Colonial Pipeline finally capitulates and surrenders to hackers five days after a crippling cyberattack that shut the largest fuel pipeline network in the United States, according to a report from Bloomberg News, citing two people familiar with the transaction.
According to the report, the company paid the hefty ransom in untraceable cryptocurrency within hours after the attack, according to the report. The cyberattack on America’s largest fuel pipeline shows the fragility of the U.S. energy infrastructure system.
The attack on the 5,500-mile pipeline system that takes fuel from the refineries of the Gulf Coast to the New York metro area also shows how vulnerable and unprepared the United States in the event of cyberattacks on energy infrastructure.
As we reported a few days ago, the demand for gasoline rose more than 40% on Monday in five states alone — Georgia, Florida, South Carolina, North Carolina, and Virginia — gasoline demand rose more than 40% on Monday, according to GasBuddy analyst Patrick De Haan.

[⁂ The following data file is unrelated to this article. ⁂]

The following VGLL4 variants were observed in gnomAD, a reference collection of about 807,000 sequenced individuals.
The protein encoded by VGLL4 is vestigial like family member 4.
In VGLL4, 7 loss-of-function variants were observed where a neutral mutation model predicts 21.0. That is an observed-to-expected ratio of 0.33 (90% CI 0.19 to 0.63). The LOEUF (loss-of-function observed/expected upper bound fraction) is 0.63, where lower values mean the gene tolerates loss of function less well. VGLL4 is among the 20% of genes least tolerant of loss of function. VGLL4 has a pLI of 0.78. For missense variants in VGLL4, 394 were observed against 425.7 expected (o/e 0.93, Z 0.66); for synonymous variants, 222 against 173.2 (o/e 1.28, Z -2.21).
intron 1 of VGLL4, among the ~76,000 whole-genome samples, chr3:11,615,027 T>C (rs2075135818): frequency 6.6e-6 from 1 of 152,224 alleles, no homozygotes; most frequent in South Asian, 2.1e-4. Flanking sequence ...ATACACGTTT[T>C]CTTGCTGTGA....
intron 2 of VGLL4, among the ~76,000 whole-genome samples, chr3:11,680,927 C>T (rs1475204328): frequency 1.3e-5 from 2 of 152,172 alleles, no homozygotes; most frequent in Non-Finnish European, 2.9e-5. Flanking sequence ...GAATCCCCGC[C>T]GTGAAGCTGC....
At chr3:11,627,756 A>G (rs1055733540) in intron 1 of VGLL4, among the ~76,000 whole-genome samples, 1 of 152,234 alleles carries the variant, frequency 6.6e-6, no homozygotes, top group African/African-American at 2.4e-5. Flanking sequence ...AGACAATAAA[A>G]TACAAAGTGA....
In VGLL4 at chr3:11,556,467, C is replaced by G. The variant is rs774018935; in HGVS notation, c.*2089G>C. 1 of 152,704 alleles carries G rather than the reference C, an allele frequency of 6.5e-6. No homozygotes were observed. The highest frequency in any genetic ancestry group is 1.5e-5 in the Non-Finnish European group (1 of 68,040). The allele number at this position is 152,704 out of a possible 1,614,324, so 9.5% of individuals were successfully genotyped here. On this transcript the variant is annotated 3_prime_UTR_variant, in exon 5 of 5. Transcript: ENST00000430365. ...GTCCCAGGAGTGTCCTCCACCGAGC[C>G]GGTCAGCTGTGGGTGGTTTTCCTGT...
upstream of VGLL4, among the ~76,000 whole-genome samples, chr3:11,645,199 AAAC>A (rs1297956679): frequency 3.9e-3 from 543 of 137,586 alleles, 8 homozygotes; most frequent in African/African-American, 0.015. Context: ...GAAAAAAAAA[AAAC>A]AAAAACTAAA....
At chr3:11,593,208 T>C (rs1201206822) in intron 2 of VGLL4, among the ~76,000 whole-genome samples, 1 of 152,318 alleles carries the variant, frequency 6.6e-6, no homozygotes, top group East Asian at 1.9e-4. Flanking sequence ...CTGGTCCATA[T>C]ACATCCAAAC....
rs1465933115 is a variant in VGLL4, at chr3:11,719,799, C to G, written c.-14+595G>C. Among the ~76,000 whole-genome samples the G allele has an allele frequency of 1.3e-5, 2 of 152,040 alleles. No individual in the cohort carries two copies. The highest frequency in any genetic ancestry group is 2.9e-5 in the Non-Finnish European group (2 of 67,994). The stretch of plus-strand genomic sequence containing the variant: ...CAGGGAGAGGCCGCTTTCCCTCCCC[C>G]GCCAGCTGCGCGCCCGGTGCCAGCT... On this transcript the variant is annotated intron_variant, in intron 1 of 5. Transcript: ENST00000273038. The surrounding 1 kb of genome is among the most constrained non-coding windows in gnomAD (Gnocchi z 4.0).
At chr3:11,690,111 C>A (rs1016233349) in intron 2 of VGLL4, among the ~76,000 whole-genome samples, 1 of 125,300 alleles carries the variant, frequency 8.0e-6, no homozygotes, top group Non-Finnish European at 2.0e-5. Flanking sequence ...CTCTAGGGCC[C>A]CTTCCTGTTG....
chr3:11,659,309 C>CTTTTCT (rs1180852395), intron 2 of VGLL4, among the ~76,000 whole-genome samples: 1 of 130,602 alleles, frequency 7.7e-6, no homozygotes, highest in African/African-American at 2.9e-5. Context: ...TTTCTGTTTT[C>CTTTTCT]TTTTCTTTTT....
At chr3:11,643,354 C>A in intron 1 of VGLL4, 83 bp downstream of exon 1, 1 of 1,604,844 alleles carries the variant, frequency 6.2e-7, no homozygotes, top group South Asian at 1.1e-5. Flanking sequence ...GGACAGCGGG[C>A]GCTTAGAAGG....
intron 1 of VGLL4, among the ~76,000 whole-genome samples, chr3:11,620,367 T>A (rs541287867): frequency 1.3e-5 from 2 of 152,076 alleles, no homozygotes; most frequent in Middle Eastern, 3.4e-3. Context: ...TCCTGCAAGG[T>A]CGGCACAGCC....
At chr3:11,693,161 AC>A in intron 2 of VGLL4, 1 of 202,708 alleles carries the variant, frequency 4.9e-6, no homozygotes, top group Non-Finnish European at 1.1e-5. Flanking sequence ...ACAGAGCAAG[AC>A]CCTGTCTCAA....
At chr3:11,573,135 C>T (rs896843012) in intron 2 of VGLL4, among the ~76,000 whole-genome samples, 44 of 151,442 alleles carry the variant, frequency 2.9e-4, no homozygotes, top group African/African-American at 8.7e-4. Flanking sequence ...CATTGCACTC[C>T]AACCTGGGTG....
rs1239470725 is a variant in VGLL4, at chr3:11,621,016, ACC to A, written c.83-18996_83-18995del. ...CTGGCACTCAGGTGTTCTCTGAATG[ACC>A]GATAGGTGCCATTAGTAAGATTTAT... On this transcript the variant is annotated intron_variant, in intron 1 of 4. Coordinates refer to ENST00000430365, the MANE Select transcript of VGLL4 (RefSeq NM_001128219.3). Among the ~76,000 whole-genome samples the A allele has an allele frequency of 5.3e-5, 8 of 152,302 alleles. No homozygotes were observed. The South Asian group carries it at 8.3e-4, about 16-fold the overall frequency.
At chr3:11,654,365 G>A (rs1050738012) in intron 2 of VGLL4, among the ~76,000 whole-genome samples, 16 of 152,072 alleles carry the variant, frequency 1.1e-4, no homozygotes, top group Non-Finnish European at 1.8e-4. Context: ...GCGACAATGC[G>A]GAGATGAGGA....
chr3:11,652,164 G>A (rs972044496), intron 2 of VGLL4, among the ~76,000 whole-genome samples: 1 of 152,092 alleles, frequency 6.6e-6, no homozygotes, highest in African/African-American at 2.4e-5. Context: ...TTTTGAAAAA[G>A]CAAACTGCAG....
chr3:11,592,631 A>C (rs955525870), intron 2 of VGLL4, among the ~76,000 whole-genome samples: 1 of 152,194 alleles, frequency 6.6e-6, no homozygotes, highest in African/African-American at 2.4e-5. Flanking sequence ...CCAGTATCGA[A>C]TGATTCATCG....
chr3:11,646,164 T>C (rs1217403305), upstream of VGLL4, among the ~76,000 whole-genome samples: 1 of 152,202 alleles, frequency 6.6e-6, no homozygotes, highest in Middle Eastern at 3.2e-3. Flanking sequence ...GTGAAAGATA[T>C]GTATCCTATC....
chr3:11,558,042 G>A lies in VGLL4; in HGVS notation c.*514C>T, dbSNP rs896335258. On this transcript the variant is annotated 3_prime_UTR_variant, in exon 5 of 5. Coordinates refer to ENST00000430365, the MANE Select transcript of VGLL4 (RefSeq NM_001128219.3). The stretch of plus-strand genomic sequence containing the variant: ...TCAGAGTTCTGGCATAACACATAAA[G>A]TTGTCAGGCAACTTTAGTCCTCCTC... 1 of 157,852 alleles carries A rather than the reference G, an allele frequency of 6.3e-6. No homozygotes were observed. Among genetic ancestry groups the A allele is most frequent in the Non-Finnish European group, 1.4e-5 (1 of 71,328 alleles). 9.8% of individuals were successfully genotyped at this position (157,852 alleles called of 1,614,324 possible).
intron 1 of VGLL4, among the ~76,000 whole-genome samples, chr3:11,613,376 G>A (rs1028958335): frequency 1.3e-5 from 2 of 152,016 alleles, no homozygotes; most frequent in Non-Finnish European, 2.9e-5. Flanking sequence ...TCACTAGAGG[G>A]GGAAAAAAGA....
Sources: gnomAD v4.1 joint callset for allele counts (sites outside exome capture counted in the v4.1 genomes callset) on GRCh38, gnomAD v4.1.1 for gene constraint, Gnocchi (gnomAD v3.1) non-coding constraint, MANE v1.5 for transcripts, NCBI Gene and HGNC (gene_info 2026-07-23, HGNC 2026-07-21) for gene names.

According to the pipeline operator, the Alpharetta, GA-based Colonial Pipeline Co., the company said it learned a day before the media coverage that it was a victim of a cyberattack and “took certain systems offline to contain the threat, which has temporarily halted all pipeline operations.”
Then, in an update Saturday afternoon, Colonial said it found that the cyberattack on its pipeline involved ransomware, a type of code that attempts to seize computer systems and demand payment from the victim to have them unlocked. Colonial also added that the attack only struck its IT networks, not operational networks.
“The company learned of the attack on some of its ‘information technology’ or corporate network systems” but “proactively took certain systems offline to contain the threat”